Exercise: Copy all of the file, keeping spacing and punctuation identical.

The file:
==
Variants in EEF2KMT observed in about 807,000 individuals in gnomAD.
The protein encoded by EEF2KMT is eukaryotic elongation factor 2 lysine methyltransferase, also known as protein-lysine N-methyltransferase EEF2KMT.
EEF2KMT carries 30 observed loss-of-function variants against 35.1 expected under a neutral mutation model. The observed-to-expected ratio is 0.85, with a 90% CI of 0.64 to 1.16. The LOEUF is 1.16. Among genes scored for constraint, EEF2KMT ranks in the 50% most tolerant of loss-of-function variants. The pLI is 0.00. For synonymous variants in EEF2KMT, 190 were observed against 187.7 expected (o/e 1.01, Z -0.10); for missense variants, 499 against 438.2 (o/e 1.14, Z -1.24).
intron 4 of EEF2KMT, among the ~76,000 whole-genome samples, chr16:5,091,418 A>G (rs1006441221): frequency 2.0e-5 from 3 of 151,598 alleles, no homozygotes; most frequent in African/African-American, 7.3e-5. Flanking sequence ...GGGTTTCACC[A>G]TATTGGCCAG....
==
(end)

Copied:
Variants in EEF2KMT observed in about 807,000 individuals in gnomAD.
The protein encoded by EEF2KMT is eukaryotic elongation factor 2 lysine methyltransferase, also known as protein-lysine N-methyltransferase EEF2KMT.
EEF2KMT carries 30 observed loss-of-function variants against 35.1 expected under a neutral mutation model. The observed-to-expected ratio is 0.85, with a 90% CI of 0.64 to 1.16. The LOEUF is 1.16. Among genes scored for constraint, EEF2KMT ranks in the 50% most tolerant of loss-of-function variants. The pLI is 0.00. For synonymous variants in EEF2KMT, 190 were observed against 187.7 expected (o/e 1.01, Z -0.10); for missense variants, 499 against 438.2 (o/e 1.14, Z -1.24).
intron 4 of EEF2KMT, among the ~76,000 whole-genome samples, chr16:5,091,418 A>G (rs1006441221): frequency 2.0e-5 from 3 of 151,598 alleles, no homozygotes; most frequent in African/African-American, 7.3e-5. Flanking sequence ...GGGTTTCACC[A>G]TATTGGCCAG....